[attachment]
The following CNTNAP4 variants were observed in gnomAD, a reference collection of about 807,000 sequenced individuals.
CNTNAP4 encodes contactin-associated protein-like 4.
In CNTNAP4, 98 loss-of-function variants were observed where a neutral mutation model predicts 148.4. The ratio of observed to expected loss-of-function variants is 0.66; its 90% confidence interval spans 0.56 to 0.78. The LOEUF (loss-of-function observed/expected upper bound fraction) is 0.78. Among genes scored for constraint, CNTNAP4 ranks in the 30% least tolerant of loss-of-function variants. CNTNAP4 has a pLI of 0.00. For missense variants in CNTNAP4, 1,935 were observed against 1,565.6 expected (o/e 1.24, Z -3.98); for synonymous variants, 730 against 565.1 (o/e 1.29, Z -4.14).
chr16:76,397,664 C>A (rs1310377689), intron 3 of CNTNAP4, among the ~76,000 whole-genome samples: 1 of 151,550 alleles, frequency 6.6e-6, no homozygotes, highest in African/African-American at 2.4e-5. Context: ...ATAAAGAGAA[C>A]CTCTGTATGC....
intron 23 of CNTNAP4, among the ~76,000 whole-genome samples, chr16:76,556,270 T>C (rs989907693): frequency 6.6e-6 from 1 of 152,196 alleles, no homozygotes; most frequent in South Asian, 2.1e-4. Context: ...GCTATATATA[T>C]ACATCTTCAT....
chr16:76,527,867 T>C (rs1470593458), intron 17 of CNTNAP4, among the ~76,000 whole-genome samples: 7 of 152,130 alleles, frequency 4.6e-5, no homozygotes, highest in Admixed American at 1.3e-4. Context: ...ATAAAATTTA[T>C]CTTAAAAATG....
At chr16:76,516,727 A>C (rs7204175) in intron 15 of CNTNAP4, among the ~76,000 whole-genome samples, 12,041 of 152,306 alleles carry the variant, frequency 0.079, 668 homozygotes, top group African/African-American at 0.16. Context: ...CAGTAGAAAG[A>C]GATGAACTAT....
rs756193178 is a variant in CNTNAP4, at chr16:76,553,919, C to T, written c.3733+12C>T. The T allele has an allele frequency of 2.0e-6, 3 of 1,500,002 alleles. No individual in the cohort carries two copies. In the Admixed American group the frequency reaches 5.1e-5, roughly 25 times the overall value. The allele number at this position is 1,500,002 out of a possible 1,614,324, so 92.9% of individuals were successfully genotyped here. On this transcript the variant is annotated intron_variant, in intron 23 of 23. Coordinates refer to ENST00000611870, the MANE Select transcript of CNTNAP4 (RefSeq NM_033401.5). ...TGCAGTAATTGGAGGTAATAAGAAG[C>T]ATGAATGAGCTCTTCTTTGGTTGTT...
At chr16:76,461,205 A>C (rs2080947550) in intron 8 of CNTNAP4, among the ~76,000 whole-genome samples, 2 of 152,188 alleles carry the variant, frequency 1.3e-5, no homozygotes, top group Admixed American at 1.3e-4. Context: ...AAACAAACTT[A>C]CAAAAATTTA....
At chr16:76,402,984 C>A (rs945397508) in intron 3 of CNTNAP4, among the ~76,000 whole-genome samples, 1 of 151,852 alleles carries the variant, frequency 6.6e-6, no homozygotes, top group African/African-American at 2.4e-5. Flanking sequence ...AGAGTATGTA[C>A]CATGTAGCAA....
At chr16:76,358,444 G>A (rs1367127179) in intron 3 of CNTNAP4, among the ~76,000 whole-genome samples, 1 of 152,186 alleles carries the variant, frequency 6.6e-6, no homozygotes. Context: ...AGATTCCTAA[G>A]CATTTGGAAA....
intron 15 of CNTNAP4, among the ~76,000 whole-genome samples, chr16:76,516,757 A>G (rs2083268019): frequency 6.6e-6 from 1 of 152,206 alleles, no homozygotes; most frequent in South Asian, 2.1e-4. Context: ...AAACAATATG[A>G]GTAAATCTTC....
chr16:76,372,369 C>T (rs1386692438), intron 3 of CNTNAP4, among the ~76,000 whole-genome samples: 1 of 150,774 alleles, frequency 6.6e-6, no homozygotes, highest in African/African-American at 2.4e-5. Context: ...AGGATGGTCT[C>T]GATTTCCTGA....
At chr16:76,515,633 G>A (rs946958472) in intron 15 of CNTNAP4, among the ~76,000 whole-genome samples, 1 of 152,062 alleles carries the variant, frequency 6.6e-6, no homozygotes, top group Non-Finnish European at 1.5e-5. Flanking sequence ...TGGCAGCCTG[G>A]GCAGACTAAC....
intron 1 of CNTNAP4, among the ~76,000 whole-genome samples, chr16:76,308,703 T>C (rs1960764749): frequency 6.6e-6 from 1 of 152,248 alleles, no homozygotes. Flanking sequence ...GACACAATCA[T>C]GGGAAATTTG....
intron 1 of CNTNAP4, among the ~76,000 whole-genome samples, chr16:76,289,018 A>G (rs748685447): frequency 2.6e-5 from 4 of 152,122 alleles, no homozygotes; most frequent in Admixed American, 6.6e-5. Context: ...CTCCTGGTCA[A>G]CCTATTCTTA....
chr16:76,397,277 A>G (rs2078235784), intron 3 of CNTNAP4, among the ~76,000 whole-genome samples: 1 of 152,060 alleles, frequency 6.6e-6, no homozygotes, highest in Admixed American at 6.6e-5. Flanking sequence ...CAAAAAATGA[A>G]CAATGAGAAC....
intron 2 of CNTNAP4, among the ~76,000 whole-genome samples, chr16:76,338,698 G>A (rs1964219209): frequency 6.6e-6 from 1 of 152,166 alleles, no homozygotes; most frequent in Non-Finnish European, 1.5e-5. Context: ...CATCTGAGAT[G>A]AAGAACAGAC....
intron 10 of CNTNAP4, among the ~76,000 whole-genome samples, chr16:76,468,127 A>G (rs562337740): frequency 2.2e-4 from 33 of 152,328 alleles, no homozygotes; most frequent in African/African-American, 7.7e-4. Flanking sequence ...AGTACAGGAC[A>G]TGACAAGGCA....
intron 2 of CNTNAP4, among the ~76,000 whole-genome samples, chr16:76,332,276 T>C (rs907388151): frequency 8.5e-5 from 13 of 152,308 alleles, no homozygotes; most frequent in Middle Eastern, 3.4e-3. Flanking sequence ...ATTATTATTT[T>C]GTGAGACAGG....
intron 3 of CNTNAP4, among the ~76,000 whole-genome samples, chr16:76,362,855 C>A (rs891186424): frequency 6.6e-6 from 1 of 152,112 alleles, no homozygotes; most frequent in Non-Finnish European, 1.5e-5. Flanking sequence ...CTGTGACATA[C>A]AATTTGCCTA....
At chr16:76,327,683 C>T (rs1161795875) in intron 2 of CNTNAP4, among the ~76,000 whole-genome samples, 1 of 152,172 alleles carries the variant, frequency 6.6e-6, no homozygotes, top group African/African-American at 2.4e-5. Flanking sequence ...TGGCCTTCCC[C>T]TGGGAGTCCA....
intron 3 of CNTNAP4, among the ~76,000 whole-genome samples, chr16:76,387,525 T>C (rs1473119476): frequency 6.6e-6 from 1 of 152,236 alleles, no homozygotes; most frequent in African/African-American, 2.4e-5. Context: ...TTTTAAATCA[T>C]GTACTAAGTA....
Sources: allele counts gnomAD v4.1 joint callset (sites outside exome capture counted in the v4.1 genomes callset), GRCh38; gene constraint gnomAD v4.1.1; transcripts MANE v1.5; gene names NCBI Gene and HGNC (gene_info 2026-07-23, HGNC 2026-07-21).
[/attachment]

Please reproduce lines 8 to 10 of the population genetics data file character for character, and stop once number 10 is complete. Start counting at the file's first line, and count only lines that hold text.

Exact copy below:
rs756193178 is a variant in CNTNAP4, at chr16:76,553,919, C to T, written c.3733+12C>T. The T allele has an allele frequency of 2.0e-6, 3 of 1,500,002 alleles. No individual in the cohort carries two copies. In the Admixed American group the frequency reaches 5.1e-5, roughly 25 times the overall value. The allele number at this position is 1,500,002 out of a possible 1,614,324, so 92.9% of individuals were successfully genotyped here. On this transcript the variant is annotated intron_variant, in intron 23 of 23. Coordinates refer to ENST00000611870, the MANE Select transcript of CNTNAP4 (RefSeq NM_033401.5). ...TGCAGTAATTGGAGGTAATAAGAAG[C>T]ATGAATGAGCTCTTCTTTGGTTGTT...
At chr16:76,461,205 A>C (rs2080947550) in intron 8 of CNTNAP4, among the ~76,000 whole-genome samples, 2 of 152,188 alleles carry the variant, frequency 1.3e-5, no homozygotes, top group Admixed American at 1.3e-4. Context: ...AAACAAACTT[A>C]CAAAAATTTA....
At chr16:76,402,984 C>A (rs945397508) in intron 3 of CNTNAP4, among the ~76,000 whole-genome samples, 1 of 151,852 alleles carries the variant, frequency 6.6e-6, no homozygotes, top group African/African-American at 2.4e-5. Flanking sequence ...AGAGTATGTA[C>A]CATGTAGCAA....